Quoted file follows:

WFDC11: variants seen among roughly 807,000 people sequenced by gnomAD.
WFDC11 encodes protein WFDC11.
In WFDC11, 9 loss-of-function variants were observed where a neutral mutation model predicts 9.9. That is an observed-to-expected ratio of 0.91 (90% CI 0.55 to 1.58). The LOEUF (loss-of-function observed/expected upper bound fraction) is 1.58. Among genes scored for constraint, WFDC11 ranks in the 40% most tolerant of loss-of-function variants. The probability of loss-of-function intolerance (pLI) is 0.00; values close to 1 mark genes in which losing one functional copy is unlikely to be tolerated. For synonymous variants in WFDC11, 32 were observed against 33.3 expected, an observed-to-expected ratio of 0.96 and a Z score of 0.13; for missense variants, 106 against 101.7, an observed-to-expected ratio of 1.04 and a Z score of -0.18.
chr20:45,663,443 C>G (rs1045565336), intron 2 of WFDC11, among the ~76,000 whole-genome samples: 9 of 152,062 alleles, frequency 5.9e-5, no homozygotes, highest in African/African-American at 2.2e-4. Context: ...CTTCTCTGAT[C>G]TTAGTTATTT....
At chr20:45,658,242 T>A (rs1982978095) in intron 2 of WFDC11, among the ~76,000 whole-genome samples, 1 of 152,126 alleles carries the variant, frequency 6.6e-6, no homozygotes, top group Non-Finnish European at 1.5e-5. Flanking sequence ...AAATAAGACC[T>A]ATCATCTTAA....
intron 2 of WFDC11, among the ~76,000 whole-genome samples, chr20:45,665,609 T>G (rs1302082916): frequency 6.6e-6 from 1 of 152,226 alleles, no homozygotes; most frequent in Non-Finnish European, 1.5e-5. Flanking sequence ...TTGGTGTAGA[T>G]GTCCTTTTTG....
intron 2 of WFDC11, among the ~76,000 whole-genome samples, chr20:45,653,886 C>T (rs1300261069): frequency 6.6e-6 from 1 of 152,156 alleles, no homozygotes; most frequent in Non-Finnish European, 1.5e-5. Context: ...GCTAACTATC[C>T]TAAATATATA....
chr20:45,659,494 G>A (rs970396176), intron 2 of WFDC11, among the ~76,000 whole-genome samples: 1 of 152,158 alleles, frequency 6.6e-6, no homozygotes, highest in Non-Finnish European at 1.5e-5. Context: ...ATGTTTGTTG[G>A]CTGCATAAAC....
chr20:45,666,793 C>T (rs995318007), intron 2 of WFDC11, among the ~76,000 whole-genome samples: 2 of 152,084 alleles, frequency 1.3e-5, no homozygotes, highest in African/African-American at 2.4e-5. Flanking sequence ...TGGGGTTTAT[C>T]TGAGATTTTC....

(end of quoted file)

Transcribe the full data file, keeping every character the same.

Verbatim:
WFDC11: variants seen among roughly 807,000 people sequenced by gnomAD.
WFDC11 encodes protein WFDC11.
In WFDC11, 9 loss-of-function variants were observed where a neutral mutation model predicts 9.9. That is an observed-to-expected ratio of 0.91 (90% CI 0.55 to 1.58). The LOEUF (loss-of-function observed/expected upper bound fraction) is 1.58. Among genes scored for constraint, WFDC11 ranks in the 40% most tolerant of loss-of-function variants. The probability of loss-of-function intolerance (pLI) is 0.00; values close to 1 mark genes in which losing one functional copy is unlikely to be tolerated. For synonymous variants in WFDC11, 32 were observed against 33.3 expected, an observed-to-expected ratio of 0.96 and a Z score of 0.13; for missense variants, 106 against 101.7, an observed-to-expected ratio of 1.04 and a Z score of -0.18.
chr20:45,663,443 C>G (rs1045565336), intron 2 of WFDC11, among the ~76,000 whole-genome samples: 9 of 152,062 alleles, frequency 5.9e-5, no homozygotes, highest in African/African-American at 2.2e-4. Context: ...CTTCTCTGAT[C>G]TTAGTTATTT....
At chr20:45,658,242 T>A (rs1982978095) in intron 2 of WFDC11, among the ~76,000 whole-genome samples, 1 of 152,126 alleles carries the variant, frequency 6.6e-6, no homozygotes, top group Non-Finnish European at 1.5e-5. Flanking sequence ...AAATAAGACC[T>A]ATCATCTTAA....
intron 2 of WFDC11, among the ~76,000 whole-genome samples, chr20:45,665,609 T>G (rs1302082916): frequency 6.6e-6 from 1 of 152,226 alleles, no homozygotes; most frequent in Non-Finnish European, 1.5e-5. Flanking sequence ...TTGGTGTAGA[T>G]GTCCTTTTTG....
intron 2 of WFDC11, among the ~76,000 whole-genome samples, chr20:45,653,886 C>T (rs1300261069): frequency 6.6e-6 from 1 of 152,156 alleles, no homozygotes; most frequent in Non-Finnish European, 1.5e-5. Context: ...GCTAACTATC[C>T]TAAATATATA....
chr20:45,659,494 G>A (rs970396176), intron 2 of WFDC11, among the ~76,000 whole-genome samples: 1 of 152,158 alleles, frequency 6.6e-6, no homozygotes, highest in Non-Finnish European at 1.5e-5. Context: ...ATGTTTGTTG[G>A]CTGCATAAAC....
chr20:45,666,793 C>T (rs995318007), intron 2 of WFDC11, among the ~76,000 whole-genome samples: 2 of 152,084 alleles, frequency 1.3e-5, no homozygotes, highest in African/African-American at 2.4e-5. Flanking sequence ...TGGGGTTTAT[C>T]TGAGATTTTC....